Under his tenure, the FIFA Executive Committee turned into a Stygian den of thieves populated by jobs-for-life do-nothings like Ricardo Texeira, Nicolas Leoz, Chuck Blazer and Jack Warner, unbelievably corrupt men who would in any normal organisation have been fired years earlier.

The musical chairs in FIFA's ExCo and the current chaos in football governance is a natural result of the Brazilian's revolution.

His culture of embezzlement and bribes was carried on by his protege Sepp Blatter and after the fiasco of the 2018 & 2022 World Cup hosting vote, tournaments widely believed to have been bought, the Augean stables of FIFA have been under an unprecedented spotlight.

Havelange even showed up in Zurich like a thousand-year-old vampire to nod approvingly at the travesties of awarding tournaments to Russia and Qatar, a fitting testament to the dishonesty he engendered at the highest levels.

Over the years he had courted anyone with power, including several dictators, and effectively ran FIFA as one too.

In bed with Adidas' Horst Dassler, Havelange made the selling of rights his priority and the pocketing of as much of the revenue as possible his favourite pastime.

The overkill of international sponsors at World Cups is thanks to him more than anyone else, sponsors whose tawdry products demean the prowess of the tournament and often work against the health benefits football brings.

Havelange it should be remembered had never been a football man in the first place - he had swum for Brazil at the Berlin Olympics in 1936 and played water-polo at the 1952 games.

His early administrative experience was in swimming, cycling and as president of the Brazilian Sports Confederation before he realised football had the biggest potential for political and financial exploitation.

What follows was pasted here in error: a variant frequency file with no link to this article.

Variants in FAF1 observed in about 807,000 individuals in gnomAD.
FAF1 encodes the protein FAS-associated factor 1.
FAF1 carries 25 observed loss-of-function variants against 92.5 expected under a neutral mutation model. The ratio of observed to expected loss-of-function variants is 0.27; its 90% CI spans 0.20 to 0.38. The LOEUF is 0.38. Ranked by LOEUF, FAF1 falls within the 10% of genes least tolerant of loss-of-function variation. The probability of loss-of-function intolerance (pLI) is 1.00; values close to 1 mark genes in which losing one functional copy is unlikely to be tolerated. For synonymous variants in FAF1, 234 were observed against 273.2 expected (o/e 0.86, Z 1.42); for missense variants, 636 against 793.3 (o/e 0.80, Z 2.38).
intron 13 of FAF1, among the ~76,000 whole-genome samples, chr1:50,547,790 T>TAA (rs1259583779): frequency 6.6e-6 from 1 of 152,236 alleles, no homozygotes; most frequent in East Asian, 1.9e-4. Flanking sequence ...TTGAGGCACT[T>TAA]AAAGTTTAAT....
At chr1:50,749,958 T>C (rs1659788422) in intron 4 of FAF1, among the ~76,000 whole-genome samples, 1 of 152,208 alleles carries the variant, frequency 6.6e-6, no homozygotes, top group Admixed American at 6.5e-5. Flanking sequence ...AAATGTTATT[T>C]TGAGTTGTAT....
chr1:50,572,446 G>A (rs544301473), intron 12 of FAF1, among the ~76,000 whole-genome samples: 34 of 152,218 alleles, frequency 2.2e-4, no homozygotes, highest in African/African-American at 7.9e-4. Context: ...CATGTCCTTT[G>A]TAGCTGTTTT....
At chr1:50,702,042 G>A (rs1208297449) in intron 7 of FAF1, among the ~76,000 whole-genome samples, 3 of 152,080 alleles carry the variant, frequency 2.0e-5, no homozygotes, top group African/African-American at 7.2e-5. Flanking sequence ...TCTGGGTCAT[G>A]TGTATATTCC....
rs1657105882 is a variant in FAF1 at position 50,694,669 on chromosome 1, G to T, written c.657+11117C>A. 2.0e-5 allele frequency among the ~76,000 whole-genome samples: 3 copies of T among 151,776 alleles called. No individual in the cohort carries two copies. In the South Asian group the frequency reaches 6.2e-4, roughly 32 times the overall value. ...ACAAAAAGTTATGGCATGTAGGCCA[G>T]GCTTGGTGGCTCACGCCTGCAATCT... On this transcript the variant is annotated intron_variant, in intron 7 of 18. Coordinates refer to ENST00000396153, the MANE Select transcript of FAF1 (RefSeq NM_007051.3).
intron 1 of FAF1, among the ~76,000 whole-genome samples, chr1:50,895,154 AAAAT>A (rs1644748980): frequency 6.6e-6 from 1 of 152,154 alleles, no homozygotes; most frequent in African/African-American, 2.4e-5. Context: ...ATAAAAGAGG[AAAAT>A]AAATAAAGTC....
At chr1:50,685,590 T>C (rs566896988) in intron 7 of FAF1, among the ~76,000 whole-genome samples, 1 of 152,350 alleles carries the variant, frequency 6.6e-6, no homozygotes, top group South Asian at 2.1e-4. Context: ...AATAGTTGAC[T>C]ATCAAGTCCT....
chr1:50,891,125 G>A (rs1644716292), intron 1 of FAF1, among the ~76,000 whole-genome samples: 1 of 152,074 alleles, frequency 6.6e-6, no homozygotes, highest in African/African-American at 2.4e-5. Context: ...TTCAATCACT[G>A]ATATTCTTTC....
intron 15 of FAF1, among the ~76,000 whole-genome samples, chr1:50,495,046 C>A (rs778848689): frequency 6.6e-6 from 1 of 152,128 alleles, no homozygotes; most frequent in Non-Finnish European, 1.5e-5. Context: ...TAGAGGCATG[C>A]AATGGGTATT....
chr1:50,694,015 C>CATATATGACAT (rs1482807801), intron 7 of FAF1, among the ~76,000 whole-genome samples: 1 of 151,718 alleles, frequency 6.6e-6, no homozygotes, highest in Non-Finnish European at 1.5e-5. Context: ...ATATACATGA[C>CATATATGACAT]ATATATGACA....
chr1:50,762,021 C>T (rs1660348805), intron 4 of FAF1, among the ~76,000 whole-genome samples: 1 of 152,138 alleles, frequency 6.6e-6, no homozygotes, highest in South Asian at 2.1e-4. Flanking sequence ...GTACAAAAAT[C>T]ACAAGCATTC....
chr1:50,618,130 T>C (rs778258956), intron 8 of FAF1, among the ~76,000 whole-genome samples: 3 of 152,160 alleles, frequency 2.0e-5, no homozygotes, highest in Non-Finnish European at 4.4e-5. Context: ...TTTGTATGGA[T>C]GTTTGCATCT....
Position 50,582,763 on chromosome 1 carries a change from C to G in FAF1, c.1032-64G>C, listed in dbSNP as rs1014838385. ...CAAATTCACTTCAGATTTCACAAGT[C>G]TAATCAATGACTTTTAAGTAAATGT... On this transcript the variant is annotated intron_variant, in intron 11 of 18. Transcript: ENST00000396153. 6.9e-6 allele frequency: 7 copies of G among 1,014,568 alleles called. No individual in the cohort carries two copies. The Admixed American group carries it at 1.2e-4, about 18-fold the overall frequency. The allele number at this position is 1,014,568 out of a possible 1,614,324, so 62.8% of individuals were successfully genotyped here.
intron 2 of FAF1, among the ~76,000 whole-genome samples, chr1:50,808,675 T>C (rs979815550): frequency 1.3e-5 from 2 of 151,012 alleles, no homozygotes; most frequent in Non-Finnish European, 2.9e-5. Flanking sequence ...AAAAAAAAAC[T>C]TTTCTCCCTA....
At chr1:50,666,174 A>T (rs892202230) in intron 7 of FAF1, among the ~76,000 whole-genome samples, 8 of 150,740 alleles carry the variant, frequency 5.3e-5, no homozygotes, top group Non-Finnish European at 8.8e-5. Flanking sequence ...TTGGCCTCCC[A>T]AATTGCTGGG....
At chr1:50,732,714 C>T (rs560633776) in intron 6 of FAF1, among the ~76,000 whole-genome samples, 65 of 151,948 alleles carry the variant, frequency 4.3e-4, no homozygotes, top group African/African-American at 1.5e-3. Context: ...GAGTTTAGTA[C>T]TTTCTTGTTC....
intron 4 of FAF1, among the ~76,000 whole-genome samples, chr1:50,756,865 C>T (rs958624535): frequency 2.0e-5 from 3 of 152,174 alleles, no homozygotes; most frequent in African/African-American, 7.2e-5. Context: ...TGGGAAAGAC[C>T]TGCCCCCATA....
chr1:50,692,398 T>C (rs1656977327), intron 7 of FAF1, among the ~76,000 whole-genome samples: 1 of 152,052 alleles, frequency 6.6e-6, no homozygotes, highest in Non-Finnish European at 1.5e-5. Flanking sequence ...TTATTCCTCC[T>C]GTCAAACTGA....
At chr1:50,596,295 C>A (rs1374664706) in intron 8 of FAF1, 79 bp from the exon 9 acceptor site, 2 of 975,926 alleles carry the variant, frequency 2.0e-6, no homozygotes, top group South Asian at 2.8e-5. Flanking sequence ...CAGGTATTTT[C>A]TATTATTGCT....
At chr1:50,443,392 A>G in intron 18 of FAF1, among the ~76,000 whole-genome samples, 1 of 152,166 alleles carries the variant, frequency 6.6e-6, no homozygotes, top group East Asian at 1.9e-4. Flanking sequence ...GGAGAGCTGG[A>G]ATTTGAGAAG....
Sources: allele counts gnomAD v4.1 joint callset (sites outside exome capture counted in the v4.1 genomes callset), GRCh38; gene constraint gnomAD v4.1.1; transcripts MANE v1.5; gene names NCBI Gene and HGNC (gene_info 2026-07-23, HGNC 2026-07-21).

Havelange's defeat of Stanley Rous for the 1974 FIFA Presidency remains a key turning-point in football history.

His capture of the presidency from the decent, if stuffy Englishman, brought bribery and other dark political tactics into soccer and almost half a century later the game's governing body still reeks of the hand of Havelange.

Rous had played a straight hand and sat down confident that his supporters would keep their word, while Havelange kept working the room until the end and managed to steal the victory through buying enough voters.

In Havelange's defence, Rous had shown an unwise acquiesence with apartheid South Africa and limited the number of finalists at the World Cup to 16, ignoring the growth of the global game.

At the 1974 finals, there were only three berths for nations outside the traditional strongholds of Europe and South America - places taken up by Australia, Haiti and Zaire. By 1998, 12 berths at the finals were for Africa, Asia and North and Central America.

Havelange's promise of more places for the developing world allowed him to harvest African votes in particular, a tactic continued to great effect by his favoured successor Sepp Blatter.

He also initiated World Cups at youth levels, paving the way for the host of tournaments FIFA organise today, but also spent FIFA money on facilities in developing nations, countries Rous had largely ignored.

Today African F.A.s receive half a million dollars each annually from FIFA and in 2006 the impossible happened when an African nation hosted the World Cup, another fruit of Havelange's personal interest in what had been hitherto dismissed as 'the dark continent'.

South Africa was a far from perfect host however, as anyone who remembers the traffic jams and poor transport options will attest, while no other African country can seriously consider hosting the competition in the foreseeable future.

The game had to globalise sooner or later but Havelange managed the changes with so much larceny that whatever good he achieved will be stained forever.

He had defeated Rous having raided the accounts of the Brazilian Sports Confederation he headed to fund his election.

Havelange worked hand-in-glove with Brazil's military dictatorship but for all his patriotism banned its greatest, indeed football's greatest hero Pele, from involvement in the 1994 World Cup in the USA, despite being the one soccer star all Americans could recognise.

This was because Pele had accused his son-in-law and FIFA vice-president Texeira of pocketing TV rights money in Brazil.

In 2012, Swiss prosecutors found he and 'Tyranosaurus Tex' had pilfered $41 million from FIFA's failure of a marketing company, International Sports & Leisure.

As an IOC member he was also accused of asking for gifts and inducements from Olympic bidding nations and probably helped Rio win the hosting for 2016.

Another legacy of Havelange is the lifeless spectacle of corporate sponsors filling the seats at World Cup matches, having paid over the odds to deprive genuine supporters of the experience.

The 1998 World Cup final was particularly moribund due to a majority of the seats in the Stade de France being sold to the highest bidder.

Anyone who has sat close to Brazil fans at away World Cups will have also been shocked how